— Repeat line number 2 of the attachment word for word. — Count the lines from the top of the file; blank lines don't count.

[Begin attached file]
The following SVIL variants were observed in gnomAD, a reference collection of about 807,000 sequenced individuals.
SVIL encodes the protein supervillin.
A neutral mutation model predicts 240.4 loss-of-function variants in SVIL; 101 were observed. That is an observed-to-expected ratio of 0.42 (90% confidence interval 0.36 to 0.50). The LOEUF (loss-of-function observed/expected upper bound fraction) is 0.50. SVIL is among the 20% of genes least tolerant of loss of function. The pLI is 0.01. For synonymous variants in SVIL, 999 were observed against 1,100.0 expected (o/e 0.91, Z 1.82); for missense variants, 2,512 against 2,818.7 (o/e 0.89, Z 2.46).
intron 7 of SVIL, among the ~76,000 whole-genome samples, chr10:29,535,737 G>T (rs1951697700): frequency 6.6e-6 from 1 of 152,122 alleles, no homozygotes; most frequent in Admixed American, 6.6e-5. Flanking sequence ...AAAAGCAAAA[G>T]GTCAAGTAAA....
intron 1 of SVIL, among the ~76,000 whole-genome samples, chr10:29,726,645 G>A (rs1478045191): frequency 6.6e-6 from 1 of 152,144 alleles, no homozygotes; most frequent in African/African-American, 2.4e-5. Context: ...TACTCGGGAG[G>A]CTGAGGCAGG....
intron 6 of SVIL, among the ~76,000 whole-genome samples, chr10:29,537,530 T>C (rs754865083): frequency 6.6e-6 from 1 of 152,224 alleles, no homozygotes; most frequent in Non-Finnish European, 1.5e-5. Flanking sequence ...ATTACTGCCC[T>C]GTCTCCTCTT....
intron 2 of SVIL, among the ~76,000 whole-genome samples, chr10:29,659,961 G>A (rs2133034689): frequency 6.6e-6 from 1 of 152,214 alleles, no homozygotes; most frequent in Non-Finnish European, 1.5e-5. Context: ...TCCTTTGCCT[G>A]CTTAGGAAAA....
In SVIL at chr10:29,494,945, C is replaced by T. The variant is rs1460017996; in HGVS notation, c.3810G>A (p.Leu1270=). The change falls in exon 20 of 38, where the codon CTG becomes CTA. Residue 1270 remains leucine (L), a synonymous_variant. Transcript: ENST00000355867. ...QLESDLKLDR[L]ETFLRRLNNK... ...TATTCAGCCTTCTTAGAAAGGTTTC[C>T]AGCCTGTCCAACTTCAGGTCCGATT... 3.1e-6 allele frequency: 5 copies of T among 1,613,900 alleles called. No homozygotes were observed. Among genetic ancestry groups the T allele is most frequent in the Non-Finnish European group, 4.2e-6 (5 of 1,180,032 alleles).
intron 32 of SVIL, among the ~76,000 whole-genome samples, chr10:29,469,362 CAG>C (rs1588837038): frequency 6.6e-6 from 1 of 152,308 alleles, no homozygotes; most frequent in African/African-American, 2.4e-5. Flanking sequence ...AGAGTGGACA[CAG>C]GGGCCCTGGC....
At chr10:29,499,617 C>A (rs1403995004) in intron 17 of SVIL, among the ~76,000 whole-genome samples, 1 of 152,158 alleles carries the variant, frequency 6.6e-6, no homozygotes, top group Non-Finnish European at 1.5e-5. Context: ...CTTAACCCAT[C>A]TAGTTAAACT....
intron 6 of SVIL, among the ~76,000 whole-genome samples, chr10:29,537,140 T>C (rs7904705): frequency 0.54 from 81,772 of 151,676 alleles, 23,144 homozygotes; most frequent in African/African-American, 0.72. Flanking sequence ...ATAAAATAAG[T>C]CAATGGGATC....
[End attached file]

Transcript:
SVIL encodes the protein supervillin.